The Wallace effect is a hypothesis developed by British naturalist Alfred Russel Wallace which posits that natural selection can contribute to the reproductive isolation of incipient species by evolving barriers against hybridization.
In Wallace's 1889 book Darwinism, he explained and defended the theory of natural selection, first widely presented in 1859 by Charles Darwin in On the Origin of Species. In it he proposed that natural selection could cause the reproductive isolation of two varieties by encouraging the development of barriers against hybridization, and thus contribute to the development of new species. He suggested the following scenario: When two varieties of a species had diverged beyond a certain point, each adapted to different conditions, hybrid offspring would be less well adapted than either parent form. At that point natural selection will tend to eliminate the hybrids. Under such conditions natural selection would also favor the development of barriers to hybridization, since individuals that avoided hybrid matings would tend to have more fit offspring. This would contribute to the reproductive isolation of the two incipient species.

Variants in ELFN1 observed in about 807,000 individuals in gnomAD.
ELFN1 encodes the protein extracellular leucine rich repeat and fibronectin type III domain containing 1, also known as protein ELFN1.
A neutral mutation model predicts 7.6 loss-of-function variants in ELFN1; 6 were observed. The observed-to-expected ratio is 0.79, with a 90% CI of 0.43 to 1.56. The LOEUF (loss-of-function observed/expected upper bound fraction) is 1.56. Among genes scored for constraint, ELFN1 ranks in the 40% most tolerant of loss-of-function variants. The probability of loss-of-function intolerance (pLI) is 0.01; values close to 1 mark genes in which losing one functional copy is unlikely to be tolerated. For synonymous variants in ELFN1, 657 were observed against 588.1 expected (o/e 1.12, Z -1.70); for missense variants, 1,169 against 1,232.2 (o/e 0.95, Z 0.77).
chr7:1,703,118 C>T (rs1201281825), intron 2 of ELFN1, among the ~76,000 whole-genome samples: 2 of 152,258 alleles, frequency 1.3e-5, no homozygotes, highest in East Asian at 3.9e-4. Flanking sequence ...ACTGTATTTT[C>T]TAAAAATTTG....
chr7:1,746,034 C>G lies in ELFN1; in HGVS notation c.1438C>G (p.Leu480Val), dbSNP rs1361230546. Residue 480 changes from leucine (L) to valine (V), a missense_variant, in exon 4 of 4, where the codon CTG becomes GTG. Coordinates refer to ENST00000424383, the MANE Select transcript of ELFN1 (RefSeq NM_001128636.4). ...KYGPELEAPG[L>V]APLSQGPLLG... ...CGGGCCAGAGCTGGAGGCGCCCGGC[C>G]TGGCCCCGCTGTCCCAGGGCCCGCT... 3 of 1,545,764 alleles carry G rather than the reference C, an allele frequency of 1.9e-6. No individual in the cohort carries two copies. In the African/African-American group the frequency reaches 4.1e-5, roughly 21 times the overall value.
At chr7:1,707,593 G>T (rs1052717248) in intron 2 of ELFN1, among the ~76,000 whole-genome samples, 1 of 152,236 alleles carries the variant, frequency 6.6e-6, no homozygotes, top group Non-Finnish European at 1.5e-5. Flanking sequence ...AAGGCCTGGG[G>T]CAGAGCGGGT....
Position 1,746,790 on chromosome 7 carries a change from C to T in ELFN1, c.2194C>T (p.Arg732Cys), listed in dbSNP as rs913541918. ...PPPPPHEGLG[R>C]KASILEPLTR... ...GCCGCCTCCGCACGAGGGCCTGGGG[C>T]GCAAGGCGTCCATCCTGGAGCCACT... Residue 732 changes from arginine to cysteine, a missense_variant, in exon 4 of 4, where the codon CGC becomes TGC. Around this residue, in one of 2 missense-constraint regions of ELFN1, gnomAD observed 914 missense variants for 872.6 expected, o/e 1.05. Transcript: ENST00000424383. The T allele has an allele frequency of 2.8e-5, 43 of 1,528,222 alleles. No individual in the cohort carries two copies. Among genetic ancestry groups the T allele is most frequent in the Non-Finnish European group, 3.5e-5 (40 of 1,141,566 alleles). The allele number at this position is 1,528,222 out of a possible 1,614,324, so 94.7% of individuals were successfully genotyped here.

Sometimes also called "reinforcement", the Wallace effect continues to be a topic of research in evolutionary biology, as it is potentially an important factor in speciation, especially sympatric speciation. Its validity has been supported by mathematical models, and recently by empirical field data on the evolution of differing flowering times as a reproductive isolation mechanism, as well as sex-chromosome linked species preference in flycatchers.
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